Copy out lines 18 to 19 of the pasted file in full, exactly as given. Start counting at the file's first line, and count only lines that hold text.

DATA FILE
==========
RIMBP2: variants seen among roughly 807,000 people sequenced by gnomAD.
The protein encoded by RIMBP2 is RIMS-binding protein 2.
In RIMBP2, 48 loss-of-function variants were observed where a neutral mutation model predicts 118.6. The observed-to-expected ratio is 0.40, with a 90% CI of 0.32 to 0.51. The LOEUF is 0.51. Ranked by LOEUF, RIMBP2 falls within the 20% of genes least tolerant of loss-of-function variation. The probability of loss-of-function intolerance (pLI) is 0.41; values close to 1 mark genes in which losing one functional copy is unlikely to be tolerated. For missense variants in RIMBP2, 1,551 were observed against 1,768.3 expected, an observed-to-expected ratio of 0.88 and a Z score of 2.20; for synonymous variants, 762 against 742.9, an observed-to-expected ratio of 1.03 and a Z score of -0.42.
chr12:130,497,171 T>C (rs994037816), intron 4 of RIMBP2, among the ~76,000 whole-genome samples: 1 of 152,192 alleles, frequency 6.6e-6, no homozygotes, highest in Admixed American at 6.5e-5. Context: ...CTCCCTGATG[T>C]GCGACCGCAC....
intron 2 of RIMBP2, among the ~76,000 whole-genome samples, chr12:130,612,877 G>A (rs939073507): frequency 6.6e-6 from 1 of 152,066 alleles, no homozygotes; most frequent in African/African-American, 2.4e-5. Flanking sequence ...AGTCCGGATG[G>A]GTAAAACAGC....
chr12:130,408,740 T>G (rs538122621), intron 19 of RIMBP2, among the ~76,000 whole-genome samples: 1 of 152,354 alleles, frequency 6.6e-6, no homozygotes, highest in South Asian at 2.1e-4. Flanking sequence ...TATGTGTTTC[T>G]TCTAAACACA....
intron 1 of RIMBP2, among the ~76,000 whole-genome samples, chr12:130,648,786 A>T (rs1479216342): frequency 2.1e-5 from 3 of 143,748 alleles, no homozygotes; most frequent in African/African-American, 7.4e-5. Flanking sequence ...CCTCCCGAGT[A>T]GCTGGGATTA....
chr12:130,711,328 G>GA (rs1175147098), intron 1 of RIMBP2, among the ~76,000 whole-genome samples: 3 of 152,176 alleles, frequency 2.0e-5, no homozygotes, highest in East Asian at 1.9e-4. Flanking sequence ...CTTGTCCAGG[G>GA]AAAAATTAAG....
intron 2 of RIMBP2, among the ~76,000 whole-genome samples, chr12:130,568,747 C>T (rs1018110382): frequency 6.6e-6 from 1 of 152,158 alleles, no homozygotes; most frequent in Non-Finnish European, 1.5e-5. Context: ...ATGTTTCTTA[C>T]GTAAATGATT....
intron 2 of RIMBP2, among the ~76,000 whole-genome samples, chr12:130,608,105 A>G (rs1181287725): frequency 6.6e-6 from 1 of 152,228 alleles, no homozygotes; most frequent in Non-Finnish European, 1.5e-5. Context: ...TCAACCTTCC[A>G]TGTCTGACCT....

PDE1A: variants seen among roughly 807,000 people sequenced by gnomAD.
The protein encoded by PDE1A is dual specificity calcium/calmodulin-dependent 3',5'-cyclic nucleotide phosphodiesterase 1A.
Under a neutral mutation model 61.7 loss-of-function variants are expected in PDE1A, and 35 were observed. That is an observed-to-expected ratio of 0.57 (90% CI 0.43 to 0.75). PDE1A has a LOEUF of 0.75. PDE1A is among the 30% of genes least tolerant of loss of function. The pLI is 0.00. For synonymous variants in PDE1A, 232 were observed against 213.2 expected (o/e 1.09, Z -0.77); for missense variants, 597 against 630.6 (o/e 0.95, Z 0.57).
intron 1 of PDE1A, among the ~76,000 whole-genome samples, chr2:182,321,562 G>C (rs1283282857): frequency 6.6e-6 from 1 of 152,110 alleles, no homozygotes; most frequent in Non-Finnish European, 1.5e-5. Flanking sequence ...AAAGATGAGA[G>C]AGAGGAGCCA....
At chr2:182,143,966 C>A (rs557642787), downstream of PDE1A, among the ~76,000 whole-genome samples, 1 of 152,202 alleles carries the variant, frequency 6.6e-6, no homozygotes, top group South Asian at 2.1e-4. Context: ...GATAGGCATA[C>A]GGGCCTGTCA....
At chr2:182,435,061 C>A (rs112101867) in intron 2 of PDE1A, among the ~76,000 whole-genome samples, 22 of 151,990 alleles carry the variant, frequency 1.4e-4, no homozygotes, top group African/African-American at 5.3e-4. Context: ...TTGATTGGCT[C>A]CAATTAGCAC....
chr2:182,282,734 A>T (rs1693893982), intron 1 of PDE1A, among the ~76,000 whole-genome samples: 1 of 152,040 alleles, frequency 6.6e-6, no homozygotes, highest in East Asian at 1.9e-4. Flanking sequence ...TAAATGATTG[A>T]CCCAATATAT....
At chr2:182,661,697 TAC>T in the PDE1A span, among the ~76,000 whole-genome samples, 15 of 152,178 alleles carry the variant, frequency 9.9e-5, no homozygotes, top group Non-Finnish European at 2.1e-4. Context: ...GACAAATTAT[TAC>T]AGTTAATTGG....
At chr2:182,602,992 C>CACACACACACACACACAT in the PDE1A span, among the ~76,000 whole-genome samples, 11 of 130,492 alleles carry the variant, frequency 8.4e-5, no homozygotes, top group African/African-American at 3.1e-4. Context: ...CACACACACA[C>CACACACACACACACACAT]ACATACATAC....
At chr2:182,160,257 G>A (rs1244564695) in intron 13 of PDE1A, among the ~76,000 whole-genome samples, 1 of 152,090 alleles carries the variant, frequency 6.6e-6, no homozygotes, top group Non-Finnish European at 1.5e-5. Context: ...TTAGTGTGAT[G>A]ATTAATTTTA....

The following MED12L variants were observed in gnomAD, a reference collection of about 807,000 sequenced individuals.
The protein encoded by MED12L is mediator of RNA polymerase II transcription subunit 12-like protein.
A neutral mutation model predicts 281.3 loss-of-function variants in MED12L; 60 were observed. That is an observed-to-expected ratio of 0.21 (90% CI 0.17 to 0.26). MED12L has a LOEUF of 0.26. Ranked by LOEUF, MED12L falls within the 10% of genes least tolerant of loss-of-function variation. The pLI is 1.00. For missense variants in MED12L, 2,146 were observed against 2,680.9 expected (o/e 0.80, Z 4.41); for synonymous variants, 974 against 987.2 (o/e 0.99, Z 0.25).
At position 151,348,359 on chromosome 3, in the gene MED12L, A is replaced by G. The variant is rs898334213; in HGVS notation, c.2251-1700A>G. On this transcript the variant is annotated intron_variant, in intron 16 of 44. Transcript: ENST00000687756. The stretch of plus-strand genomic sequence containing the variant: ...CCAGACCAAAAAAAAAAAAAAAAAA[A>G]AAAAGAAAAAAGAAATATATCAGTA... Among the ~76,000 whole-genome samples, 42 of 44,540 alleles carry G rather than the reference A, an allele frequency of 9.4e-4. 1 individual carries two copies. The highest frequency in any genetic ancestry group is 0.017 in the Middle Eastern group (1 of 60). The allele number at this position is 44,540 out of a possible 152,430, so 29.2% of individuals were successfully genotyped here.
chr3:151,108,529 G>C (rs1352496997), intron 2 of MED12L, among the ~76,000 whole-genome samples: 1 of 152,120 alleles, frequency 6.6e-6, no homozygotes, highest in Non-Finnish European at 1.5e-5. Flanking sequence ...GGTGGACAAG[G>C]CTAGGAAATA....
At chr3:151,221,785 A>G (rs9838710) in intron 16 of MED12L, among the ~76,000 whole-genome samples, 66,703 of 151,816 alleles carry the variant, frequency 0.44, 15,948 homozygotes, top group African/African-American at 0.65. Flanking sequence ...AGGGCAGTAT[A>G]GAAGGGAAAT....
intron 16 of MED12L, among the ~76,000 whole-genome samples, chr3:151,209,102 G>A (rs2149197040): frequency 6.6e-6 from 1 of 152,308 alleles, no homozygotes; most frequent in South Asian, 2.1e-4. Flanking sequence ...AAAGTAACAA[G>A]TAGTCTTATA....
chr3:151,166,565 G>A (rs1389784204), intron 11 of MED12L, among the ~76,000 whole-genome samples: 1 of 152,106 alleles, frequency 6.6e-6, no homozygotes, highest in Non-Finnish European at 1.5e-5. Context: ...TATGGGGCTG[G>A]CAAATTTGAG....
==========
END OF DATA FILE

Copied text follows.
At chr2:182,661,697 TAC>T in the PDE1A span, among the ~76,000 whole-genome samples, 15 of 152,178 alleles carry the variant, frequency 9.9e-5, no homozygotes, top group Non-Finnish European at 2.1e-4. Context: ...GACAAATTAT[TAC>T]AGTTAATTGG....
At chr2:182,602,992 C>CACACACACACACACACAT in the PDE1A span, among the ~76,000 whole-genome samples, 11 of 130,492 alleles carry the variant, frequency 8.4e-5, no homozygotes, top group African/African-American at 3.1e-4. Context: ...CACACACACA[C>CACACACACACACACACAT]ACATACATAC....